Burning Bird has posted The Parable of the Languages. It tells the tale of a group of programming languages, each with similar gripes and complains, banning together to defeat the eternal thorn in their collective sides. Well worth the read.
October 9th, 2002:
When I posted an entry regarding my upgrade to MovableType 2.5 I neglected to realize that one of the changes in the upgrade was that TrackBack pings are now sent via POST and not GET. My LiveJournal syndication script works via the TrackBack protocol, but was set up only to accept GET data. This is why the empty entry was made into LiveJournal. If it isn’t obvious by that, my LiveJournal syndication script is merely a quick hack, and doesn’t have even basic levels of error checking. It has been corrected, however, and this post should syndicate just fine.
Ben and Mena certainly deserve praise for their hard work. Regardless of what anyone says, good or bad about it, it certainly has swept the blogging world off its feet. But in my opinion, it seems that perhaps 2.5 was rushed out the door in order to release something on MT’s 1st birthday, as opposed to waiting until the release was worthy.
MT 2.5 includes default template changes that incorporate Mark Pilgrim‘s website recommendations from his online book, Dive Into Accessibility. This is a good thing as new users will most likely tweak the default templates and therefore slowly make the web more accessible as a whole. But, for those of us who are upgrading, this means nothing, as, those of us who are willing to follow Mark’s guidelines in their site design will do so, and those who aren’t certainly aren’t going to throw away their MT templates to use the new defaults.
MT 2.5 includes the code from the MT-Search plugin that many MT users installed. This seems like a good change. Search capability is a good thing, and having this embedded in the code only makes MT more featureful. MT-Search before now, was merely a hack. The templates didn’t integrate into the MT User Interface, the configuration settings were in a separate file. It really wasn’t a plugin at all, but merely a whole new script that used the MT API. I was excited when I heard it would be included in the next version of MovableType because I wanted it to be tied into MT better. However, it seems Ben and Mena just threw it in there at the last second. The templates do NOT live inside the MT User Interface. The search capability is not tightly integrated. The only real difference is that the configuration is now done in the main MT configuration file, and not in its own. Big deal.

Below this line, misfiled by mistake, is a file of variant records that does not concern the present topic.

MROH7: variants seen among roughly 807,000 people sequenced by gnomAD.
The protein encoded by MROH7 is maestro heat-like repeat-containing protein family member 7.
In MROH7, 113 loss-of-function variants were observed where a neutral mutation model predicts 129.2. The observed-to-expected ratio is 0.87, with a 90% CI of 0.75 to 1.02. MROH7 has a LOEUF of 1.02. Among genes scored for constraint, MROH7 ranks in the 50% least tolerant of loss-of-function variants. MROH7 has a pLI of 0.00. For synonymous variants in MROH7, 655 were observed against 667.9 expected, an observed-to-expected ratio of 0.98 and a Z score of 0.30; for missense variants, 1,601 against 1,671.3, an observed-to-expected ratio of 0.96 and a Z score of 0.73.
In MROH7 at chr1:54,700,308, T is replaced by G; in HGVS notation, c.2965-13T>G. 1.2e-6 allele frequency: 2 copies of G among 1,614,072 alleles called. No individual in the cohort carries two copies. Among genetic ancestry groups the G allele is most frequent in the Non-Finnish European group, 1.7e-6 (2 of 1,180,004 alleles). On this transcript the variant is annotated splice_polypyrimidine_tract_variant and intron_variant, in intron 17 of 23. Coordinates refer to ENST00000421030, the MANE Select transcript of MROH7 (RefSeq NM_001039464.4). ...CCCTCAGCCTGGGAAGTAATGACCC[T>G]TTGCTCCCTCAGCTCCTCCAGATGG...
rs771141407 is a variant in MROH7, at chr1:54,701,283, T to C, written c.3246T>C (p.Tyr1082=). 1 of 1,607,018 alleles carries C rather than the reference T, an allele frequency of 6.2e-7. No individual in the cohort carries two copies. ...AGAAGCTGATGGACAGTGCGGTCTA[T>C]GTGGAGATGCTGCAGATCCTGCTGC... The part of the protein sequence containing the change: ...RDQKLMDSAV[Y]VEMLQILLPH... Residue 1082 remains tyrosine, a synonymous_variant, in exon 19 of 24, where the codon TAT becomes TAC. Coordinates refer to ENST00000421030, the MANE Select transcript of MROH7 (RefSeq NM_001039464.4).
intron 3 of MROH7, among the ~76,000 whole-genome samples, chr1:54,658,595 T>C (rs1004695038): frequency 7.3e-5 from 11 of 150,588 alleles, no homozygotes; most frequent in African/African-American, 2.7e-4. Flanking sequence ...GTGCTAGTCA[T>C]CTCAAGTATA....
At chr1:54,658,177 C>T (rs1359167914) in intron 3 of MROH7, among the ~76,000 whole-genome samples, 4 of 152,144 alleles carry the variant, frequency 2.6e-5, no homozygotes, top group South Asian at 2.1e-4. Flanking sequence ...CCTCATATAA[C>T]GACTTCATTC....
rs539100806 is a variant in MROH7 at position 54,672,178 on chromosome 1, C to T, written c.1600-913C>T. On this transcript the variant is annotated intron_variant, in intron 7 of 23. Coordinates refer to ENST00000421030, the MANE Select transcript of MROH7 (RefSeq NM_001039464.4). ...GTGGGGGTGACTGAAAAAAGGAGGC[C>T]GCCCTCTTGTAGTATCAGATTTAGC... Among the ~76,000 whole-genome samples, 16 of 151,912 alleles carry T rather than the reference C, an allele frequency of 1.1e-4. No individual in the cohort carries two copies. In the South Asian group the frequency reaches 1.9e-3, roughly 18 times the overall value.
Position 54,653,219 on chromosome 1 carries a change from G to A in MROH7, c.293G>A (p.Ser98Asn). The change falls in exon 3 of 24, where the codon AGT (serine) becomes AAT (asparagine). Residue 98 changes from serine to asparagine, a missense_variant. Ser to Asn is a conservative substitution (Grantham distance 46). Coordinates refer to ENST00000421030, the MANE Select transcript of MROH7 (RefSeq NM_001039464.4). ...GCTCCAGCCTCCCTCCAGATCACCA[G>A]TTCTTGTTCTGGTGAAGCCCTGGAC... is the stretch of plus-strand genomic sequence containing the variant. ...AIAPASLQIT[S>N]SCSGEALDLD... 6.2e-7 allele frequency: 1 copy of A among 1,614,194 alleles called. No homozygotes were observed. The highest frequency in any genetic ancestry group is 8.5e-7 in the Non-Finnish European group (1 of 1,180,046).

Trackback auto-discovery has been implemented. This is a good thing. And it seems to be done correctly. I haven’t had a chance to use it yet, as many MT installs, like mine, don’t enable Trackback.
The ability to ping blo.gs, as well as any other weblogs.com compatible XML-RPC ping accepting server. This is a good change, and one that I had hacked into my old version of MT.
The keywords/metadata field was added. This is a nice addition for making a users MT install more searchable, but not really something to jump up and down about. If the keywords aren’t found somewhere in the entry text, they probably aren’t valid keywords anyway. Search engines started realizing this a few years ago and began ignoring keywords all together. I doubt many users are going to get tons of extra functionality out of this.
Localization is good. But it means close to nothing to the existing userbase.
The release isn’t spectacular, but it does have some good points. Maybe I’m just really pissed off about the Search templates not being embedded in the UI like everything else is. Maybe I was just really hoping for comment reply notification and threaded comment views.
All in all, if you’re using MT already and you have MT-Search installed, the upgrade isn’t worth the effort. If you’re a new user, there certainly isn’t anything wrong with it that should cause you to scour the Internet looking for an older version.
Sometimes it amazes me how the mind works. It’s amazing how, people in completely different circumstance, with completely different influences, can come to the same conclusion over time. It’s also amazing how, even with formal training, those conclusions are not mandated.